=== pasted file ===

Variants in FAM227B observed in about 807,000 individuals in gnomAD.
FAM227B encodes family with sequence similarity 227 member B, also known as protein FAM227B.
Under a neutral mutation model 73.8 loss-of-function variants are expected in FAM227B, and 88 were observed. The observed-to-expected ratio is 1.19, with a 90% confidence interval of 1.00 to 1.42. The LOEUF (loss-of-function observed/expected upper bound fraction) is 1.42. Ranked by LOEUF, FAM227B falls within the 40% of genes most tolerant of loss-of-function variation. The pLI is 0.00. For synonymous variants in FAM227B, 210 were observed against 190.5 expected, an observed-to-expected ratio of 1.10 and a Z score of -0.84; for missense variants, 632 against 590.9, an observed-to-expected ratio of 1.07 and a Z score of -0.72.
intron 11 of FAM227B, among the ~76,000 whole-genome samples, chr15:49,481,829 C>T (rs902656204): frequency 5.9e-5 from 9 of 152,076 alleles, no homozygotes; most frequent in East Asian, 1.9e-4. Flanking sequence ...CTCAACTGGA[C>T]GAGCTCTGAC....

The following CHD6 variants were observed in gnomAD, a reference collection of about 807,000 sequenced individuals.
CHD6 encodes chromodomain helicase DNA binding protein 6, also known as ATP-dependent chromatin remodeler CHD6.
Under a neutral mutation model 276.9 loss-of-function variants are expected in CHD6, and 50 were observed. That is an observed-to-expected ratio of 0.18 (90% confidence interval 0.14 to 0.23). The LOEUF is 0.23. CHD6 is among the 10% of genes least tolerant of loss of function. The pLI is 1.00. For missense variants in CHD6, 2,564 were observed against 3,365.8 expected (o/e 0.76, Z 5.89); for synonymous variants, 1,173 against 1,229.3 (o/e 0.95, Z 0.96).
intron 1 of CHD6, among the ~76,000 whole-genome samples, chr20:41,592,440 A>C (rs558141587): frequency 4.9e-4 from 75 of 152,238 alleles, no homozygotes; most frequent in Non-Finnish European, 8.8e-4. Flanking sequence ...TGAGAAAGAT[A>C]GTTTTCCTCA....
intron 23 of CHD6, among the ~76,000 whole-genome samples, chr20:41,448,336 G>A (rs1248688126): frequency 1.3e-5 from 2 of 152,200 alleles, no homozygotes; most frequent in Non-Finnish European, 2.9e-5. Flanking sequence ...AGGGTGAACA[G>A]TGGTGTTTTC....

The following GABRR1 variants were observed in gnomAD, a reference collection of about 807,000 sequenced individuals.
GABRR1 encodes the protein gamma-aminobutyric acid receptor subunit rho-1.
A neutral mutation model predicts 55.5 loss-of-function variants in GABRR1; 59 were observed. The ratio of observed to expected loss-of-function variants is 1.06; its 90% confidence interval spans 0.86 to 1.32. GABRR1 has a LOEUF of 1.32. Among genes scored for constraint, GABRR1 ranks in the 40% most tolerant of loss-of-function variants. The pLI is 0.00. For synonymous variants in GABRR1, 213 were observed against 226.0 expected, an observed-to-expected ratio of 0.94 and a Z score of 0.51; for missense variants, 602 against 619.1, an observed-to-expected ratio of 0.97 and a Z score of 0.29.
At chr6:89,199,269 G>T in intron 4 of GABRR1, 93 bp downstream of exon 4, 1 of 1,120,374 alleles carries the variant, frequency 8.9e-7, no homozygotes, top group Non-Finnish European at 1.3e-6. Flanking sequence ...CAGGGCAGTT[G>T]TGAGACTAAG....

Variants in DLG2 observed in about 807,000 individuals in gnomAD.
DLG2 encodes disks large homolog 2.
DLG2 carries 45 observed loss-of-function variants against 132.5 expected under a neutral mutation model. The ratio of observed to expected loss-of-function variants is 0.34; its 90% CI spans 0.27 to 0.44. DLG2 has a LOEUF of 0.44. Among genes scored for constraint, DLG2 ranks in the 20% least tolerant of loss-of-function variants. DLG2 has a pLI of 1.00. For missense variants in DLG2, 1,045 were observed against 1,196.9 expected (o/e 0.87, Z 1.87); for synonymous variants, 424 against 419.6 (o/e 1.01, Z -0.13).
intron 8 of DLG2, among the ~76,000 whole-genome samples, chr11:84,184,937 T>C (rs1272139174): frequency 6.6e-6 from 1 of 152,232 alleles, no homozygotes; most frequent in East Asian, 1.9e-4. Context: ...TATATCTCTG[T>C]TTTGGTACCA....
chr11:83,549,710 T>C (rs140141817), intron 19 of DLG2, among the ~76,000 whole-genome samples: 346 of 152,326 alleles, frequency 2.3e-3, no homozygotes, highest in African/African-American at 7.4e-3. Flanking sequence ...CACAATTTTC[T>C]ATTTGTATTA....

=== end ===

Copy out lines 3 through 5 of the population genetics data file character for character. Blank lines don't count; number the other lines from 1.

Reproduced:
Under a neutral mutation model 73.8 loss-of-function variants are expected in FAM227B, and 88 were observed. The observed-to-expected ratio is 1.19, with a 90% confidence interval of 1.00 to 1.42. The LOEUF (loss-of-function observed/expected upper bound fraction) is 1.42. Ranked by LOEUF, FAM227B falls within the 40% of genes most tolerant of loss-of-function variation. The pLI is 0.00. For synonymous variants in FAM227B, 210 were observed against 190.5 expected, an observed-to-expected ratio of 1.10 and a Z score of -0.84; for missense variants, 632 against 590.9, an observed-to-expected ratio of 1.07 and a Z score of -0.72.
intron 11 of FAM227B, among the ~76,000 whole-genome samples, chr15:49,481,829 C>T (rs902656204): frequency 5.9e-5 from 9 of 152,076 alleles, no homozygotes; most frequent in East Asian, 1.9e-4. Flanking sequence ...CTCAACTGGA[C>T]GAGCTCTGAC....

The following CHD6 variants were observed in gnomAD, a reference collection of about 807,000 sequenced individuals.